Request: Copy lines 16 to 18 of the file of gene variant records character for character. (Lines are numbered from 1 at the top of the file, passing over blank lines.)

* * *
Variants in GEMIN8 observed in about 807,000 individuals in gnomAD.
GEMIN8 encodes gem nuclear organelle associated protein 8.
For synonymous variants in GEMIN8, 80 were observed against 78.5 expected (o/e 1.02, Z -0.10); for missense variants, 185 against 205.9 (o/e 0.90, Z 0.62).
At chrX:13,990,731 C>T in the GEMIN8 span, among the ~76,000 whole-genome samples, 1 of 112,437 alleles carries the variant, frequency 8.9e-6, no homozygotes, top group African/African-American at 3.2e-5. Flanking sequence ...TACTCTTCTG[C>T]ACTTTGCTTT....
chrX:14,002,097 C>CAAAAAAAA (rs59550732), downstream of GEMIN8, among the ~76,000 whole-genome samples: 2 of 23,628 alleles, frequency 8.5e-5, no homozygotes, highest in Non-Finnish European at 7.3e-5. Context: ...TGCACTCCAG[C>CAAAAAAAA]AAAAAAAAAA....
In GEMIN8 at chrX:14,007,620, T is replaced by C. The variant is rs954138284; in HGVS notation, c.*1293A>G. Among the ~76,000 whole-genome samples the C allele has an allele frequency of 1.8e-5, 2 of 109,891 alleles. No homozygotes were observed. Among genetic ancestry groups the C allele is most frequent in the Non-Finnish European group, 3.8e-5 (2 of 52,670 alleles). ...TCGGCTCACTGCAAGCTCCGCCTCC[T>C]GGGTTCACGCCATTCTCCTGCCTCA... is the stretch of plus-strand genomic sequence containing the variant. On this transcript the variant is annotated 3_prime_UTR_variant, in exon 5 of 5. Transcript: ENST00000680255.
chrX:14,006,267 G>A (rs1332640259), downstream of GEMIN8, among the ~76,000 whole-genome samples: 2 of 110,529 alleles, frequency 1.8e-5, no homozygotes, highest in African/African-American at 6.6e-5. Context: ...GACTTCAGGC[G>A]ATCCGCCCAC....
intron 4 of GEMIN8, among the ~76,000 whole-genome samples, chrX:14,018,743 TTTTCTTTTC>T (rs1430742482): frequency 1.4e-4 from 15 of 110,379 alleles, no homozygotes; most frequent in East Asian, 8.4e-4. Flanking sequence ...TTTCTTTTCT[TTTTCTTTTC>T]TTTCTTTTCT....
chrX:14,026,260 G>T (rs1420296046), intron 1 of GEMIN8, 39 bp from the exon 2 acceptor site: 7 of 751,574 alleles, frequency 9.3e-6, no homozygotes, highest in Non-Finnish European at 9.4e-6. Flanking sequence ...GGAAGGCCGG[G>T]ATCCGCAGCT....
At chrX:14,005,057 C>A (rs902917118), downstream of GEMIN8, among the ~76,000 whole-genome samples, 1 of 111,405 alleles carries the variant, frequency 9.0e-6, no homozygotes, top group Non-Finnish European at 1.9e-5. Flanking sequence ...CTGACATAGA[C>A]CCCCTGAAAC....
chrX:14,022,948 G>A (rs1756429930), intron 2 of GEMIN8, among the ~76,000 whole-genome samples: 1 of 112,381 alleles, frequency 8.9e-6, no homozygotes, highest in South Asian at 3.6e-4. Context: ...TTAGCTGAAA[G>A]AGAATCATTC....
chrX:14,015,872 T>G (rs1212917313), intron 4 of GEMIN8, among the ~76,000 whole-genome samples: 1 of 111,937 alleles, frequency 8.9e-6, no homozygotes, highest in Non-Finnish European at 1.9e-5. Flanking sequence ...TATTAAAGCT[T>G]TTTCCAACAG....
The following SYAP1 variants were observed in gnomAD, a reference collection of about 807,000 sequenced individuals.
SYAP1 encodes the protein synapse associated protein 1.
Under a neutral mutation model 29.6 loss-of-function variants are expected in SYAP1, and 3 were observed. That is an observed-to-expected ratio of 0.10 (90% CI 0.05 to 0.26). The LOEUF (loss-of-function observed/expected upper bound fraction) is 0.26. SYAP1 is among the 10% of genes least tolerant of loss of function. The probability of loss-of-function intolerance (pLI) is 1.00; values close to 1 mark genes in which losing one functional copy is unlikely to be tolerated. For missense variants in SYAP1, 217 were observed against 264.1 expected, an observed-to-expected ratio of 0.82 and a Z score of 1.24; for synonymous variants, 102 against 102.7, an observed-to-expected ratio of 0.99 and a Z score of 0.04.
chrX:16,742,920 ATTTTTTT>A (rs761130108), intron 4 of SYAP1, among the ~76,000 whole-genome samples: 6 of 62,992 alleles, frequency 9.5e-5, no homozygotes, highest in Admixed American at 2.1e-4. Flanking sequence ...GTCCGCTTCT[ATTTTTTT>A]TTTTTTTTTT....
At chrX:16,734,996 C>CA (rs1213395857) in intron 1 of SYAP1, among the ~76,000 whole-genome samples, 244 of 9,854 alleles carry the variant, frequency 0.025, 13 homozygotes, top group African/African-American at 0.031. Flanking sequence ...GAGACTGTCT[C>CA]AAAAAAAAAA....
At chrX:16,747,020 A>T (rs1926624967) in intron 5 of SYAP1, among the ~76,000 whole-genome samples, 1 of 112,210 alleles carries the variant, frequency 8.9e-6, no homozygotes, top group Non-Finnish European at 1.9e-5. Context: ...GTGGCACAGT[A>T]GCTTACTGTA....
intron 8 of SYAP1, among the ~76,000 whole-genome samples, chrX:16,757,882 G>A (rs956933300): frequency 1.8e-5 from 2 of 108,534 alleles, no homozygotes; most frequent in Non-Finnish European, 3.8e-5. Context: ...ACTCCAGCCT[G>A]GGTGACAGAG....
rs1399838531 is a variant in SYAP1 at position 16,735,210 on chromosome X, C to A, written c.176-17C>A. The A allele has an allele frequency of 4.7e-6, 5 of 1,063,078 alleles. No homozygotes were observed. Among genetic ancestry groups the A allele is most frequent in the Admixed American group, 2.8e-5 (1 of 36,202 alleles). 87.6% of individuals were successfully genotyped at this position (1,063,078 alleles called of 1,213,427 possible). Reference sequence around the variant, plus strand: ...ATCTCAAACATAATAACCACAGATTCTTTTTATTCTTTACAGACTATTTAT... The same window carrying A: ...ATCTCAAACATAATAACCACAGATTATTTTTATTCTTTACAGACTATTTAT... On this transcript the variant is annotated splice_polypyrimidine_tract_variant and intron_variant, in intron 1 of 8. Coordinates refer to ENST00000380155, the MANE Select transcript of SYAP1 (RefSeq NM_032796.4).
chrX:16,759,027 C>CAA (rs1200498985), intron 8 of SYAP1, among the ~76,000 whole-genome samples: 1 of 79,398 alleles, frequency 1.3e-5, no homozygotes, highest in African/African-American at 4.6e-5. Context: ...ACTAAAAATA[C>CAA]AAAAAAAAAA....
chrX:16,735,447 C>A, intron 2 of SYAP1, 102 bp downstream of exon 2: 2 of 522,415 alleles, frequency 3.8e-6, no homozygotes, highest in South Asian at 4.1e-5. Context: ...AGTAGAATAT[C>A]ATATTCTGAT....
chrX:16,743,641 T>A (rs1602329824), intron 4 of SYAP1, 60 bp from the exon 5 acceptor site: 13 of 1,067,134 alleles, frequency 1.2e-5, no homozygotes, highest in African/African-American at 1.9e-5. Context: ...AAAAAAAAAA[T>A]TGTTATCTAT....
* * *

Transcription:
chrX:16,742,920 ATTTTTTT>A (rs761130108), intron 4 of SYAP1, among the ~76,000 whole-genome samples: 6 of 62,992 alleles, frequency 9.5e-5, no homozygotes, highest in Admixed American at 2.1e-4. Flanking sequence ...GTCCGCTTCT[ATTTTTTT>A]TTTTTTTTTT....
At chrX:16,734,996 C>CA (rs1213395857) in intron 1 of SYAP1, among the ~76,000 whole-genome samples, 244 of 9,854 alleles carry the variant, frequency 0.025, 13 homozygotes, top group African/African-American at 0.031. Flanking sequence ...GAGACTGTCT[C>CA]AAAAAAAAAA....
At chrX:16,747,020 A>T (rs1926624967) in intron 5 of SYAP1, among the ~76,000 whole-genome samples, 1 of 112,210 alleles carries the variant, frequency 8.9e-6, no homozygotes, top group Non-Finnish European at 1.9e-5. Context: ...GTGGCACAGT[A>T]GCTTACTGTA....